Friar Basketball

Friar Classics: 1994 BET Semis vs. UConn

Rob Phelps Eric Williams Sports Illustrated

When Providence played #2 Connecticut in the semifinals of the 1994 Big East Tournament, there were nine future NBA players on the floor — five from UConn and four Friars.

This doesn’t include that season’s Big East Rookie of the Year, Doron Sheffer, who was drafted in the 2nd round by the Clippers (but never stepped foot on an NBA floor), or PC redshirt Troy Brown who was an NBA draftee himself.

Jim Calhoun’s Huskies were loaded in ’94. They started the year unranked, but that didn’t last long. They cracked the top five by January and never left.

Donyell Marshall was their star and a 1st Team All American. The 6’9 power forward didn’t know if he was good enough to play at UConn when they began recruiting him, but by his junior year in ’94 he was a 25 point, 8 rebound per game terror. In the game prior to UConn vs. PC, he had 42 points and 10 rebounds against St. John’s.

That June, Marshall went fourth in the NBA Draft behind Glenn Robinson, Grant Hill and Jason Kidd.

Donny Marshall, Kevin Ollie, and Travis Knight all had NBA futures ahead of them, while the Huskies had a sweet shooting freshman from South Carolina who will be a first ballot Hall of Famer.

Ray Allen averaged nearly 13 points per game that season, and flashed his knack for hitting clutch 3s when the Friars and Huskies went to the wire in the semis.

Providence had nothing as pretty as Allen’s jumper, but it seemed that was the way they liked it. Rick Barnes put together the most physical and imposing group in the baddest conference in the country. They were bullying bullies.

Michael Smith was the tone-setter, and remains the most intimidating Friar of the Big East era. “The Animal” led the Big East in rebounding all three years he played at PC, and graduated with the highest rebounding average in league history. He grabbed 26 boards against Syracuse that year and was off to the NBA in June.

Dickey Simpkins was his classmate and another bruising body with bounce. Simpkins was a first round pick (#21 in 1994), as were fellow frontcourt mates Eric Williams (#14 in 1995) and Austin Croshere (#12 in 1997).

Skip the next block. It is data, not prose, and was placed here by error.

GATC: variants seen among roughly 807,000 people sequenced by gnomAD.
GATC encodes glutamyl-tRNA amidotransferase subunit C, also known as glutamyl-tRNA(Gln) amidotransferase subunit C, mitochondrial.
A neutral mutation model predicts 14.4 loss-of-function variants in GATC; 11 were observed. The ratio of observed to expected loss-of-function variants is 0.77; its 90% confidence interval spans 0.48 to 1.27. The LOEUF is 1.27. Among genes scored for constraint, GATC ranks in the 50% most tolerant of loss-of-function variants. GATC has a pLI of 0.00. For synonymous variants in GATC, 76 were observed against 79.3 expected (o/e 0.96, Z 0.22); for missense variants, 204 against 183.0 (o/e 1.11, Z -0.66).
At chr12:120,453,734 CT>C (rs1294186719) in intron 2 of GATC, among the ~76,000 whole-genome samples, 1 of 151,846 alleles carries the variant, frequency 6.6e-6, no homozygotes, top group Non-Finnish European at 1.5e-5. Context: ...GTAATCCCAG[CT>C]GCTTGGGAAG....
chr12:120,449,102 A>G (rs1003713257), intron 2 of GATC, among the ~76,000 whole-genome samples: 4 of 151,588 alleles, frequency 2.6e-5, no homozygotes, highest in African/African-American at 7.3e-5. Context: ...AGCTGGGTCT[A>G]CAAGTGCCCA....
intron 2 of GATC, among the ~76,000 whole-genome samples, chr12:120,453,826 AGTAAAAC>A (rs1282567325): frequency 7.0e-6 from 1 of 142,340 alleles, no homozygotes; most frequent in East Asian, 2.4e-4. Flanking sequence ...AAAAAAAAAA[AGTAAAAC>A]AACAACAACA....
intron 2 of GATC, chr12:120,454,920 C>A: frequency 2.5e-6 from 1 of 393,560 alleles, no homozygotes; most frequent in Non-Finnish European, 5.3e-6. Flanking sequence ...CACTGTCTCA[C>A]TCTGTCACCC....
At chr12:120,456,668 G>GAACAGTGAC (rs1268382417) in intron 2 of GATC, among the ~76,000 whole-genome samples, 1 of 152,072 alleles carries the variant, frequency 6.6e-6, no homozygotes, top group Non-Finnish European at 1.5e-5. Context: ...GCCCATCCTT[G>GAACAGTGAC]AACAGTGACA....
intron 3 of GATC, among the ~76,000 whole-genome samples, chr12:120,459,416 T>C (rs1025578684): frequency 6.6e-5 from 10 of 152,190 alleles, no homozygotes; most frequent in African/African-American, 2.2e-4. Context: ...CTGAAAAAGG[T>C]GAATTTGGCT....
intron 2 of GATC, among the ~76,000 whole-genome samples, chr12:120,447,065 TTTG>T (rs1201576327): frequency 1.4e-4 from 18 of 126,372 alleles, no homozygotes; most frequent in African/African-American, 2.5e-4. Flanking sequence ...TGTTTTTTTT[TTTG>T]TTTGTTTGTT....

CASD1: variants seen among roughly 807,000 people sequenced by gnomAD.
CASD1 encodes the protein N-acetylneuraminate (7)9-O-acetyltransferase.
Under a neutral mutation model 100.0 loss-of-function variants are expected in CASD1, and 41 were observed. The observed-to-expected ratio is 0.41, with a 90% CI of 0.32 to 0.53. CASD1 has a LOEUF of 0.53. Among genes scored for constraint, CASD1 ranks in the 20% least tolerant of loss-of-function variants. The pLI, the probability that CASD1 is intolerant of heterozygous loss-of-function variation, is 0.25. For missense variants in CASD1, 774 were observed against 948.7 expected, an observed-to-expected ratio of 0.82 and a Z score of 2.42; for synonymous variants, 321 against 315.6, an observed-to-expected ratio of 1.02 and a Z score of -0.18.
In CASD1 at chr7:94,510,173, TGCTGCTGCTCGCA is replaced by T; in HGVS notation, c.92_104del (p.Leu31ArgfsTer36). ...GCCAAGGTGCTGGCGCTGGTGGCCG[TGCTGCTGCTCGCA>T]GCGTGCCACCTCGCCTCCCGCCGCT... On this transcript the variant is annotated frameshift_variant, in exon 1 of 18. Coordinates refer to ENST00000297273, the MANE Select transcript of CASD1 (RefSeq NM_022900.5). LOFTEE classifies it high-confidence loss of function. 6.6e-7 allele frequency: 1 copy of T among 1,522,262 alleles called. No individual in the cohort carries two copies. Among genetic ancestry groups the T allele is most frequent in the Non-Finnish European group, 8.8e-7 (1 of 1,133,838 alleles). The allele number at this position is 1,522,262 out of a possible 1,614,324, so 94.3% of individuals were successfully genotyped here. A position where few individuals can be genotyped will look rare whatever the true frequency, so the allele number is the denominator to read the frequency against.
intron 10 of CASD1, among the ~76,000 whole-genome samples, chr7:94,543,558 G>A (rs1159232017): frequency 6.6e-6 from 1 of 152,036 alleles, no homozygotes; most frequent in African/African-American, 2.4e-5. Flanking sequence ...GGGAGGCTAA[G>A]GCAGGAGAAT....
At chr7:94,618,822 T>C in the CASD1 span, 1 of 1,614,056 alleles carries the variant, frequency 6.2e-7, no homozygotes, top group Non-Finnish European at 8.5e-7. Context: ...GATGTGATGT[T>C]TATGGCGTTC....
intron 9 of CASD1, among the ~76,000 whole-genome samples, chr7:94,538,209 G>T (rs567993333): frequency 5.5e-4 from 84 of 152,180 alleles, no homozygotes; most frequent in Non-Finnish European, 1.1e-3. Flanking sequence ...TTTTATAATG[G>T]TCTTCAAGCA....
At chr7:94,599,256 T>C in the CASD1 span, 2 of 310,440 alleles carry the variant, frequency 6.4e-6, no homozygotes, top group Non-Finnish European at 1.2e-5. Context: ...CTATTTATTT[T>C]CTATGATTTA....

Yet, for all of the star power between the two teams, no one was better than PC shooting guard Rob Phelps in this one.

Phelps came to Providence as part of what may have been the most heralded recruiting class in school history. He, Smith, and Simpkins were the headliners. Phelps was an enormous name in New York City at the time, scoring nearly 2,500 points for Nazareth High School in Brooklyn.

Seniors in 1994, Simpkins, Smith, and Phelps’ goal that season was to be the first Friar team to win the Big East Tournament (PC had never even reached the finals prior to 1994). Phelps said the team took it to heart when Barnes challenged them to be forever remembered as the first Big East Champions at Providence.

It wouldn’t have happened without Phelps’ amazing game.

He made 10 of 11 shots from the field, finishing a nearly impossible and-1 through traffic early, and then knocking down perimeter jumpers in every way imaginable — picking a pass off his ankles in transition to can a 3, coming off of curls for mid-range looks, and making three difficult shots in the final 2:30 of a one-possession game to keep UConn at bay.

I remember that year they were both close games,” Phelps told Friarbasketball about PC’s two regular season losses to UConn (the Friars fell by a point at home and eight on the road). “We were very familiar with them, and we said ‘We’re not going to lose to these guys three times.’”

The number one thing that I remember is how confident we were heading into that game,” Phelps said. “We all kept saying our goal was to win the Big East Championship. No one really believed it, but we did. We knew what we were capable of doing.”